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Rolling tool storage

The first law of shed dynamics is: The need for shed space will always grow to exceed the space available. With space at a premium, it is incumbent to make the best use of it. So I evolved an idea for a modular set of moveable cabinets that could be rolled out for each job and configured as required. It means I could easily house my commonly used tools and still retain space in the shed.

A set of modular rolling cabinets make space in the garage
By Jude Woodside
Photographs: Jude Woodside

The first law of shed dynamics is: The need for shed space will always grow to exceed the space available. For some reason, women seem pre-programmed to believe that a garage is intend to house a car, whereas we know that the only time a car should be found in a garage is when it needs some work.
With space at a premium, it is incumbent to make the best use of it. So I evolved an idea for a modular set of moveable cabinets that could be rolled out for each job and configured as required. It means I could easily house my commonly used tools and still retain space in the shed.
Each cabinet was built from 18mm C-D ply, which may appear like overkill but you can never be sure what use each cabinet may be put to outside of carrying tools. It is easy to underestimate the weight of a cabinet full of tools. The sides top and bottom are 18mm and back is 4mm ply to help it all align and strengthen the carcass.
C-D grade is construction grade ply and often has gaps in the plys. This is usually not a concern and the carcass can be edged with timber or veneer at some later stage.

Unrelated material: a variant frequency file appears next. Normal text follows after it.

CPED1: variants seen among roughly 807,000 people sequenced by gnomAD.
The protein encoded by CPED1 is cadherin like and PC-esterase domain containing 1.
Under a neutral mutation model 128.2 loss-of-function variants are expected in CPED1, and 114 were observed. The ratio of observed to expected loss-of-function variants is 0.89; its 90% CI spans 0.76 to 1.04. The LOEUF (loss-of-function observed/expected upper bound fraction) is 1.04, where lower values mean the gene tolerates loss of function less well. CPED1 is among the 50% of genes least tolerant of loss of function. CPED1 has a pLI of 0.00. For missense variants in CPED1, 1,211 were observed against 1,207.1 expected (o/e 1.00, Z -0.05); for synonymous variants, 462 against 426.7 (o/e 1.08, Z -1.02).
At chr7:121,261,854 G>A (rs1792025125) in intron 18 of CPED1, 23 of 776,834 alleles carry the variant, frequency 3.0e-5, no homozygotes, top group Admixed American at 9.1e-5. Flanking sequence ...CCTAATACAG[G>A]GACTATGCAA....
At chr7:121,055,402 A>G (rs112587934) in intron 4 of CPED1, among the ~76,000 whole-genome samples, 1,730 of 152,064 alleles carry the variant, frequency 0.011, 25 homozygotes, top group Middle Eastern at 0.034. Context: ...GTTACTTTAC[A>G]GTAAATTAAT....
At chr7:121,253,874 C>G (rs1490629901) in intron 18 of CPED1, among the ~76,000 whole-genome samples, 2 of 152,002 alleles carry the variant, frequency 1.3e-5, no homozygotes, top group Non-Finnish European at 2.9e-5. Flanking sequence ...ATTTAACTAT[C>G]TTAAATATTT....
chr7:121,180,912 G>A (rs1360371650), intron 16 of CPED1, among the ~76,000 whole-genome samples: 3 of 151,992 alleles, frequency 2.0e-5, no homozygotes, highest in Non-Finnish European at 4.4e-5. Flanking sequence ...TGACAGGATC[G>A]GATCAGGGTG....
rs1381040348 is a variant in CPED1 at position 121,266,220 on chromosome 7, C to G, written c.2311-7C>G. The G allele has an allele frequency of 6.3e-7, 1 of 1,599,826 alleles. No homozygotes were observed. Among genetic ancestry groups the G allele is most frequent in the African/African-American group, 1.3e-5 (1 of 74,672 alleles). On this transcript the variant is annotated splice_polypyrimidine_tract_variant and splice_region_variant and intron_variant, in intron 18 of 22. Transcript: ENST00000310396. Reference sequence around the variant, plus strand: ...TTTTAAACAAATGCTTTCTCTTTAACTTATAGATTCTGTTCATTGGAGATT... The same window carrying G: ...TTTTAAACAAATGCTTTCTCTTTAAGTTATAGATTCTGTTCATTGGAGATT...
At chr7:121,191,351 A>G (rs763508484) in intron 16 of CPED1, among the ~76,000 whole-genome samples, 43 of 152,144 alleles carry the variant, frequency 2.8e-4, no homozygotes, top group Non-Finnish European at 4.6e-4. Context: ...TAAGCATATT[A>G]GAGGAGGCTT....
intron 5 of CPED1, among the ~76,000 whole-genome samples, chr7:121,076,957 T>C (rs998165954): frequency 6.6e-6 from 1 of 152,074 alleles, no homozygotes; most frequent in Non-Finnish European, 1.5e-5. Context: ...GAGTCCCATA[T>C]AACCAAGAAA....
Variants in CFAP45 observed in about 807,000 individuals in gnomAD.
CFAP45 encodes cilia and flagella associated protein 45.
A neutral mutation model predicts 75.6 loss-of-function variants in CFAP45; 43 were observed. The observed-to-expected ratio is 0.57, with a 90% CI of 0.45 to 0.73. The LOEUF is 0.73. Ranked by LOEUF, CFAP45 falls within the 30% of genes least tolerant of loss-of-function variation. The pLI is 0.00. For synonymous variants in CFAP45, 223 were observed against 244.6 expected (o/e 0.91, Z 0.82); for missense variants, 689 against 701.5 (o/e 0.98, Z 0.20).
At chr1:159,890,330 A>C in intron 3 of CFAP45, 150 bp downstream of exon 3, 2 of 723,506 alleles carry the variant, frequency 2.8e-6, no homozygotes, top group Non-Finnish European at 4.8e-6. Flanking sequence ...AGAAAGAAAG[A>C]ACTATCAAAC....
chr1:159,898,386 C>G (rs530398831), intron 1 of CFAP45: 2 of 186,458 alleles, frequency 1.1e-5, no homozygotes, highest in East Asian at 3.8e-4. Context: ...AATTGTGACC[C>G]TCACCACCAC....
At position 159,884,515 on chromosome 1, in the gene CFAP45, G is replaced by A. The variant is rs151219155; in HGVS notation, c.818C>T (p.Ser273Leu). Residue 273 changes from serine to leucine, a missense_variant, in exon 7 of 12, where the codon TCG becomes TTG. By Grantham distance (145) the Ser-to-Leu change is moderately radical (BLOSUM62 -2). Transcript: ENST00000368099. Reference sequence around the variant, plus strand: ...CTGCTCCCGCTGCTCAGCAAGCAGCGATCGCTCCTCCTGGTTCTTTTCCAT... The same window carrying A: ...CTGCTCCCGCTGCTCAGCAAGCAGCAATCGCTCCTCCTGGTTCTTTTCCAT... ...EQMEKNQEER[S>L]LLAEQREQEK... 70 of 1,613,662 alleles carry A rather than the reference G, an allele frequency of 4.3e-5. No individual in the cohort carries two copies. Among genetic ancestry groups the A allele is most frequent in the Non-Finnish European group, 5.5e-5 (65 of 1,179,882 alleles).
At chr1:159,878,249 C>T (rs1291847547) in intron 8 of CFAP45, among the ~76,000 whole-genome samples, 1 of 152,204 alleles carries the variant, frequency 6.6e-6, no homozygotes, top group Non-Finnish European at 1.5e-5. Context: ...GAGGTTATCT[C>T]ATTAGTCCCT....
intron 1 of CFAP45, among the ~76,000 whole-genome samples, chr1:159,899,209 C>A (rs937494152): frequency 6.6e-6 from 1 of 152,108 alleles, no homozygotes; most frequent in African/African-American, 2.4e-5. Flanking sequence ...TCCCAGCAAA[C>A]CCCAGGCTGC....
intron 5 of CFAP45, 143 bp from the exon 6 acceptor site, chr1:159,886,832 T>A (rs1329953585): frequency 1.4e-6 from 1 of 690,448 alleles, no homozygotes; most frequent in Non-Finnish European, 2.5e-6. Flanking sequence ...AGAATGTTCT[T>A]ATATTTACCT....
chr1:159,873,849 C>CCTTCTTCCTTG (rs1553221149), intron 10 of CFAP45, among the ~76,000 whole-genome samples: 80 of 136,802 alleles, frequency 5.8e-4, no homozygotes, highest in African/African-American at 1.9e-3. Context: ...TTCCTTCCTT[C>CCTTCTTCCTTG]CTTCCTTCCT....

The end rebates and trench cut for the backing

The cabinets run on 63mm castors for which the front two lock and the rear are fixed. Beyond this each box can be configured to suit. Some have drawers others shelves and doors or a mixture of each. The tops overhang the cabinets and have clashing on the front and sides to prevent the ply splinters catching on fabric.
It’s best to plan in advance which cabinets will have drawers; the layout of the mounting holes for the drawer glides is so much easier when the cabinet is in pieces. It can be done after assembly but it’s awkward and usually inaccurate.
To lay out the drawers I have used a simple progression formula. This is based on establishing a couple of parameters to allow the dimensions to be worked out. A graduated system does allow for a better look, even in a workshop cabinet. It permits a better balance by keeping the heavier things on the base.
I designed these to suit my way of working so the cabinet tops stand 815mm off the ground and are 450mm x 700mm in one case and 450mm x 500mm in another.
The wheels are 95mm high and the top is 18mm thick. That leaves the actual length of the sides as 700mm x 400mm.

Marking out the drawer slide template
Drilling the pilot holes with the template